Which areas are prioritized?
Big cities, both in Java and outside Java, because of their great potential for conflict.
When will all of Indonesia’s land be certified?
If God permits and Jokowi is re-elected, we aim for 100 percent of land to be certified in 2025. For this year, only Jakarta and Bali will be 100-percent registered. This is actually late. Japan already completed their land certification 150 years ago, Korea 100 years ago, Taiwan in the 1950s. Indonesia should have done this since 1960, in line with basic agrarian law. But better late than never.
Have fewer land disputes taken place now that ownership certificate has improved?
In fact, there are not many land disputes, only around 8,000 cases. It’s just that, once it has become a conflict, it’s hard to resolve. [When someone has] won in the state administrative court, [the dispute is] brought to civil court. After winning in civil court, it’s brought to the criminal court. The ‘small’ people will certainly lose. Because the republic has a vast area of land, once we have resolved one case, another one arrives.
Have you gone directly in the field to resolve a land dispute?
There was once a conflict between a company and the Anak Dalam Tribe (in Jambi). The Anak Dalam Tribe said the land in Jambi was their customary land, but the HGU had been given to the company. The solution was to give the Anak Dalam Tribe part of the land. To help them manage finances, a cooperative was created, which runs with the guidance of the company. I also handled a case in Karawang (West Java), [the people] once came to the palace and shackled themselves in the ground. The solution was, land was bought and houses were built for the people.
When the President inaugurated the toll road in Lampung in early March, a woman went on stage and asked for compensation money for her land. What, in fact, happened?
Actually, the land was already taken over since before the reformasi. The owner had a certificate. Coincidentally, when the toll road was built, the land was also involved. We then found out who the owner was. In the end, the owner was given compensation, not the woman, who was only living on the land without a certificate. The owner was happy because the land that was taken over was freed. But not the case with the woman, who felt unsatisfied. We asked her to file a suit, but she had no basis.
In resolving land disputes, what approach does the BPN usually take?
Depends on the situation. If possible, an amicable resolution. But if the parties in dispute disagree with peaceful mediation, then [the case] is taken to court.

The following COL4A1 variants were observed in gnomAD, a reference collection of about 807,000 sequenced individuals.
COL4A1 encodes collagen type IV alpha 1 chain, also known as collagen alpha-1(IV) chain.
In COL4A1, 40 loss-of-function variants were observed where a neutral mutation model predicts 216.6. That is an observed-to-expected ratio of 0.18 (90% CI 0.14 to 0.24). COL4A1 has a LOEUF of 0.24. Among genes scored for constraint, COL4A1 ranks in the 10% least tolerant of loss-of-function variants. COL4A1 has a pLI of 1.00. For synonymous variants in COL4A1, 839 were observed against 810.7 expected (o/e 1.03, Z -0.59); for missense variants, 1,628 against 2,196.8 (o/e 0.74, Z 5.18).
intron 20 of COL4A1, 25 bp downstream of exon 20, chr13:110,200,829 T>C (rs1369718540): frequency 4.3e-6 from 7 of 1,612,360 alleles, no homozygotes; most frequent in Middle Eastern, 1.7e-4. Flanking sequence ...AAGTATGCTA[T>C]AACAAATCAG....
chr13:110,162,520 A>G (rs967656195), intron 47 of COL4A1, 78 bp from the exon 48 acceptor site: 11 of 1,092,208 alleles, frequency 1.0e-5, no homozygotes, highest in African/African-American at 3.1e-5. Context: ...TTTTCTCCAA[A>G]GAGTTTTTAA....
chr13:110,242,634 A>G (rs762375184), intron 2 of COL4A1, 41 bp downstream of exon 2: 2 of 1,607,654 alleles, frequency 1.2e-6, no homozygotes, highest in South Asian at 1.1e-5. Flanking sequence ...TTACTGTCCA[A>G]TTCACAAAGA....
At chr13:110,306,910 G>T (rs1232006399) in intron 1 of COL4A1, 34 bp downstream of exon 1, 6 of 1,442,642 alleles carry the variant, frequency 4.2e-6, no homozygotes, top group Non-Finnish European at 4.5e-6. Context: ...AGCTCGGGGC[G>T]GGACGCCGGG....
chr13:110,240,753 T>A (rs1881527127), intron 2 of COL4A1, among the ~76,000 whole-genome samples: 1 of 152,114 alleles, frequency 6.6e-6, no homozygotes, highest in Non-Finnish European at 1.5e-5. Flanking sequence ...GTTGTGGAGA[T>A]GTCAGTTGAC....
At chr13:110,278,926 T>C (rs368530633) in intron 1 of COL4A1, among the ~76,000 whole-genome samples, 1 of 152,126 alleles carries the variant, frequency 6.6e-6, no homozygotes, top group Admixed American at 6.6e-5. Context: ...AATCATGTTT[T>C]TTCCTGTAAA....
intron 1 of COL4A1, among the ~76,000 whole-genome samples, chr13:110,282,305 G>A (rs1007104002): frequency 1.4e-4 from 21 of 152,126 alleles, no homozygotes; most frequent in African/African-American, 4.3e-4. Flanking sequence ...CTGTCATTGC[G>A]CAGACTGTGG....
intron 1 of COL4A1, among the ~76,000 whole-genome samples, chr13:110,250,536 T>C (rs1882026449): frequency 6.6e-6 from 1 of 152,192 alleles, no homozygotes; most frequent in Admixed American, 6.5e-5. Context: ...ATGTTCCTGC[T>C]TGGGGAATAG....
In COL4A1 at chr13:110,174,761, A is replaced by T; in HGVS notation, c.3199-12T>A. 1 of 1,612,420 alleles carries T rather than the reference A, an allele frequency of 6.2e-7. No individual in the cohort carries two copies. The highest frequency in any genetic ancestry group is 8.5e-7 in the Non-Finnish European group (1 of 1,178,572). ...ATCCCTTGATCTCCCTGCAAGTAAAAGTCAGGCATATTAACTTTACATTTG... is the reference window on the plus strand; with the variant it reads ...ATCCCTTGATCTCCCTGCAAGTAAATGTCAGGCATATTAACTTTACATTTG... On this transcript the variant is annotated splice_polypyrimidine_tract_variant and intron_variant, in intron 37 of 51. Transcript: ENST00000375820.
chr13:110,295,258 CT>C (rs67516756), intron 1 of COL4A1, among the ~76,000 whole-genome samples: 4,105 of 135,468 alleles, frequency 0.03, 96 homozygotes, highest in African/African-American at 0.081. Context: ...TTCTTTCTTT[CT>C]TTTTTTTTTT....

Is there also a legal approach for land mafias?
We target land mafias, arrest them everywhere. They have numerous methods for seizing other people’s land, among others, by claiming someone’s land using a girik (letter of information of control over land; can be customary land). A girik does not mention the location nor coordinates. This is why anyone can use any girik to claim someone else’s land. In Medan, people use the term ‘Sultan’s land’. When someone wishes to create documents, he would say his land was given by the sultan during colonial times. In Bekasi, there was a former municipal village chief and a former subdistrict head who were working as land mafias. When they were arrested, the police found a bag full of girik.
Does the PTSL also include converting girik into certificates?
Yes. The girik is taken and a certificate is given. A girik is indeed not proof of land ownership. Before, girik were used in land registry for taxation purposes in the Dutch era.
Besides for the sake of legal certainty, why is it important to go through the hassle of registering land?
An equally important function is to open financial access to all the people. So far, small entrepreneurs who own land and no certificates have not been able to borrow money from the bank. They go to loan sharks who give them interests that can reach 200 percent annually. At a bank, the interest for small businesses is only seven percent. This is why it is difficult for the economy of the low-income group to improve while the rich get richer.
Place and date of birth: East Aceh, September 23, 1953 | Education: Bachelor of Law, Law Faculty, University of Indonesia (1984); Master of Arts, The Graduate School of Arts and Sciences, Tufts University, United States (1989); Master of Arts in Law and Diplomacy, The Fletcher School of Law and Diplomacy, Tufts University (1991); Doctor of Philosophy, The Fletcher School of Law and Diplomacy, Tufts University (1993) | Career, among others: Agrarian and Spatial Planning Minister (2017-present), National Development Planning Minister (2015-2016), Coordinating Minister of Economic Affairs (2014-2015), Head of Strategic Studies, Office of Vice President (2010-2014), State-Owned Enterprises Minister (2007-2009), Communications and Informatics Minister (2004-2007).